Being a Christian can feel too complicated at times. It can be confused with a long list of chores or an in-depth character assessment checklist. But there is actually only one thing a believer needs to worry about to live a God-pleasing life, says a pastor out to unclutter Christianity.
Instead of modifying behaviors, Christians should focus on transforming their heart where those actions originate from, contends Pastor Robert Jeffress in his latest book Clutter-Free Christianity: What God Really Desires for You.
"I think God's number one desire for all of us as followers is to resemble his son Jesus Christ in our actions, attitudes, and affections," Jeffress told The Christian Post. "What I'm saying is that all the problems we encounter in life stem from heart issues.
"It all comes down to the heart, and that is why I believe that if we want to experience the kind of life God wants from us we have to have a transformation of our heart."
Like the Pharisees of old who devised 613 regulations for living, modern Christians can become highly distracted by secondary concerns and miss what God really desires for them, the Southern Baptist pastor writes.
Jesus responded to the rules and regulations Pharisees were obsessed with by reducing the laws down to two simple principles: love God with all one's heart and love others as oneself – both of which are heart issues.
But achieving this heart transformation will take more than gaining spiritual information or conforming to a code of conducts set up by religious groups, said Jeffress, noting these are the two popular beliefs Christians equate with spiritual transformation.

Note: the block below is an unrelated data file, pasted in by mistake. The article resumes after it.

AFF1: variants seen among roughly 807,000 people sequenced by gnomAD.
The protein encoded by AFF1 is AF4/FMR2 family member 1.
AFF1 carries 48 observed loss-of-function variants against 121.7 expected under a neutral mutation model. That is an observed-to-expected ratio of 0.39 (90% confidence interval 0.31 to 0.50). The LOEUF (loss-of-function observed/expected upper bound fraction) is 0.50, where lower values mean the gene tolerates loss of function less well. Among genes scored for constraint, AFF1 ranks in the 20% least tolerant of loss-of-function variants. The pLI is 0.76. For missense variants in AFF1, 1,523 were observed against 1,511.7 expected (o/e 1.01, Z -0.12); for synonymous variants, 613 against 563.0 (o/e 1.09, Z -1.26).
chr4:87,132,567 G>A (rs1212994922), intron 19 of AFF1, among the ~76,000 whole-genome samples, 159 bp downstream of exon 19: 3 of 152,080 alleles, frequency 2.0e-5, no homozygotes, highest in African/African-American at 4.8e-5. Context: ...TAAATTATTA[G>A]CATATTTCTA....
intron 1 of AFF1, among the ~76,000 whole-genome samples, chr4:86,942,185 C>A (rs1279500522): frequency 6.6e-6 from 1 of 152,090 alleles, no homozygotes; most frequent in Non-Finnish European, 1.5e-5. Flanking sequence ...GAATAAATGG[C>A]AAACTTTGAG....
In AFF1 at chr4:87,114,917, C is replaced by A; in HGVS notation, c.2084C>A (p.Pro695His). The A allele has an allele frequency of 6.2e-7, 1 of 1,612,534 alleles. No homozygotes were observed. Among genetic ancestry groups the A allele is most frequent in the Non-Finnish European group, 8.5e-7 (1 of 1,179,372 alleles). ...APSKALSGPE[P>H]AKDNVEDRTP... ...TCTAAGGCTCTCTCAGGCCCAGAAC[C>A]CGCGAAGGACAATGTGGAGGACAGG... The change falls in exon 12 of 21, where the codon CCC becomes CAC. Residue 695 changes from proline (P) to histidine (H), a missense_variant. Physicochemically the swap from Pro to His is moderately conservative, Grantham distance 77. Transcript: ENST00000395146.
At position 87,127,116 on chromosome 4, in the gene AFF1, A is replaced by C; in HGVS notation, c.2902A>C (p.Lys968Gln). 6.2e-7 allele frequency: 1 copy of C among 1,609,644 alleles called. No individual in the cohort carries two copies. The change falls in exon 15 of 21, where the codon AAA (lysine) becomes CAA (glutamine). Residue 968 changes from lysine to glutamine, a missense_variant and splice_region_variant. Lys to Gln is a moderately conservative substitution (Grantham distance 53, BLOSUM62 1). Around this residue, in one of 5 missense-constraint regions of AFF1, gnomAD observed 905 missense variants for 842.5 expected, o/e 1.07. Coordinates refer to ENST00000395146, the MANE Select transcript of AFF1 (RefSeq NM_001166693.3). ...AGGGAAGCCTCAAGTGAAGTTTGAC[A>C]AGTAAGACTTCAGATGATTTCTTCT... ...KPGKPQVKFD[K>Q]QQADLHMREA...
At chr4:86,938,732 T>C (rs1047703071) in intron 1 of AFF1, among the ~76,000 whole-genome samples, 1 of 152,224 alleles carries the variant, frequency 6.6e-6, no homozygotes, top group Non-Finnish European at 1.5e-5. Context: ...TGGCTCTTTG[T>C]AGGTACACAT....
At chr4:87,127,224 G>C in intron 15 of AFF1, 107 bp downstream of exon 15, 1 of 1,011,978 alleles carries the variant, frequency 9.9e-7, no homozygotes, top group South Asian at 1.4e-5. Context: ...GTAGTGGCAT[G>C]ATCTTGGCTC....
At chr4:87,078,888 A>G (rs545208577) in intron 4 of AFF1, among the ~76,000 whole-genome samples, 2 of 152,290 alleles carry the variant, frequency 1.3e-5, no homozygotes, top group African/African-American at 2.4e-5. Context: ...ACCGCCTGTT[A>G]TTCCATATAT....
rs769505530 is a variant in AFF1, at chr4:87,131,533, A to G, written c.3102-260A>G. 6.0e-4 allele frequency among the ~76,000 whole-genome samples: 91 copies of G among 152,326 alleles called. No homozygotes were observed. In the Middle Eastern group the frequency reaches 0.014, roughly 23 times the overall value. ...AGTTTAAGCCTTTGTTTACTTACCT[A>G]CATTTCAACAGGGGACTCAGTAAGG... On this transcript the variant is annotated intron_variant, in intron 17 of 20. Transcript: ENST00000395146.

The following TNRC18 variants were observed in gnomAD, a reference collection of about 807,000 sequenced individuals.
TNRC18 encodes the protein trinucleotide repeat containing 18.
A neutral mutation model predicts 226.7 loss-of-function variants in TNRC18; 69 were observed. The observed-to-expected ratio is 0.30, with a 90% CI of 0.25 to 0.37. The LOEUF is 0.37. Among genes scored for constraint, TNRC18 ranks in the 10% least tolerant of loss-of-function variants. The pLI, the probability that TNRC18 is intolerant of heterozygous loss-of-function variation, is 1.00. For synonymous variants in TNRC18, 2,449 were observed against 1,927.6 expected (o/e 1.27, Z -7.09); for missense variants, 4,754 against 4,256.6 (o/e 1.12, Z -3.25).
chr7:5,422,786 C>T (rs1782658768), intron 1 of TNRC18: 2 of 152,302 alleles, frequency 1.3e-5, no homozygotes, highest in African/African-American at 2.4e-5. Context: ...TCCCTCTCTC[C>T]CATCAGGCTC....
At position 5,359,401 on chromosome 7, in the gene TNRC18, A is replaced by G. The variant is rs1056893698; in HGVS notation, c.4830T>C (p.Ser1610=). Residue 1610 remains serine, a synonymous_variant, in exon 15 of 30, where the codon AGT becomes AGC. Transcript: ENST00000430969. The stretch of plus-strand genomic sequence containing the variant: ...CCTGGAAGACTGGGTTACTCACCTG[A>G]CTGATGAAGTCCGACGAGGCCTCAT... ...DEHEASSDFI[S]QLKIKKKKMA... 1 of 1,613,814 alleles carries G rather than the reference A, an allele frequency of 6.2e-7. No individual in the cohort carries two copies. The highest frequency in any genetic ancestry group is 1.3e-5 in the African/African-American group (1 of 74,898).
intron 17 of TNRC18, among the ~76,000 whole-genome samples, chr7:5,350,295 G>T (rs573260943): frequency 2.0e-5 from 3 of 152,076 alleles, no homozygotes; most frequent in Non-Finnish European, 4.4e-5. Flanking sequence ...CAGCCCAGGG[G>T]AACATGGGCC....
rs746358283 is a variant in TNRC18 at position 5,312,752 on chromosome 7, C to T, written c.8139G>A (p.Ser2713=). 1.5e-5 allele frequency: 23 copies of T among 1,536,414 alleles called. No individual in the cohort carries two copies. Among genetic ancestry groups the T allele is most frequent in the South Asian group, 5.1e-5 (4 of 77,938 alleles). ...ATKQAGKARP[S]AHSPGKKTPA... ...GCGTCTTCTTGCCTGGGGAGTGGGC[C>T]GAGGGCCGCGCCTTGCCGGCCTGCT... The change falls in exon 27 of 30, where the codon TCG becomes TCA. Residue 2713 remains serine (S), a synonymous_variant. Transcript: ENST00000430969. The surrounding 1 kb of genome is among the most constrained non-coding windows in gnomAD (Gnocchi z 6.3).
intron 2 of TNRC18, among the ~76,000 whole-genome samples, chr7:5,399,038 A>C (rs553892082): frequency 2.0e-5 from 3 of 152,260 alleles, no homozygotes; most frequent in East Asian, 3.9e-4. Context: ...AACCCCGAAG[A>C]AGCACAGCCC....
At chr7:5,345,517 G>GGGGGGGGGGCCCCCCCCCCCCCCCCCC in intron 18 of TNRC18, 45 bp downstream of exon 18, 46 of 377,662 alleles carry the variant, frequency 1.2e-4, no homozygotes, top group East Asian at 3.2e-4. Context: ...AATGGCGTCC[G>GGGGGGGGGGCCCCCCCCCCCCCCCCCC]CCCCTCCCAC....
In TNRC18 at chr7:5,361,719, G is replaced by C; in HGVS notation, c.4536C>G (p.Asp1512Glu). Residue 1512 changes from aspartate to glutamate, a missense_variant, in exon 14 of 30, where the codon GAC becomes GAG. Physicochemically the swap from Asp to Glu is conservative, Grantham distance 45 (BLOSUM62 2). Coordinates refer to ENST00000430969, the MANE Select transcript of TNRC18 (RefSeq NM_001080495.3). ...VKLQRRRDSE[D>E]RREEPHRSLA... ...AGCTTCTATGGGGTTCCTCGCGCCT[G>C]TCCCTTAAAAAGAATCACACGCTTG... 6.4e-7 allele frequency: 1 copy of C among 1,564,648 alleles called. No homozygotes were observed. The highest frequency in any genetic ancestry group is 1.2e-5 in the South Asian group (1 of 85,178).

A spiritual transformation will require a person to turn their entire life over to God.
"The essence of spiritual transformation – the essence of living in the kingdom of God – is submitting to God's rule in all aspects of our lives," writes the senior pastor of the 11,000-member First Baptist Dallas church.
Spiritual transformation, however, is not the sole responsibility of God. It requires a partnership between God and the individual.
"Paul never said to work for our salvation, but he did command us to work out our salvation, knowing that while we're working it out, God is working within us, supplying us with all the supernatural power we need to overhaul our thoughts, will, and emotions," Jeffress writes.
"Without God's power, we can't become like Christ. Without our effort, we won't become like Christ."
There are three components to the process of spiritual transformation: desire, a detailed plan, and discipline. Through this process, believers can develop six heart qualities God desires: forgiving, obeying, trusting, being content, serving, and praying.
"Only when we desire, plan, and discipline ourselves to develop these qualities can we cut through the clutter and get to the heart of what God really wants for us," Jeffress writes.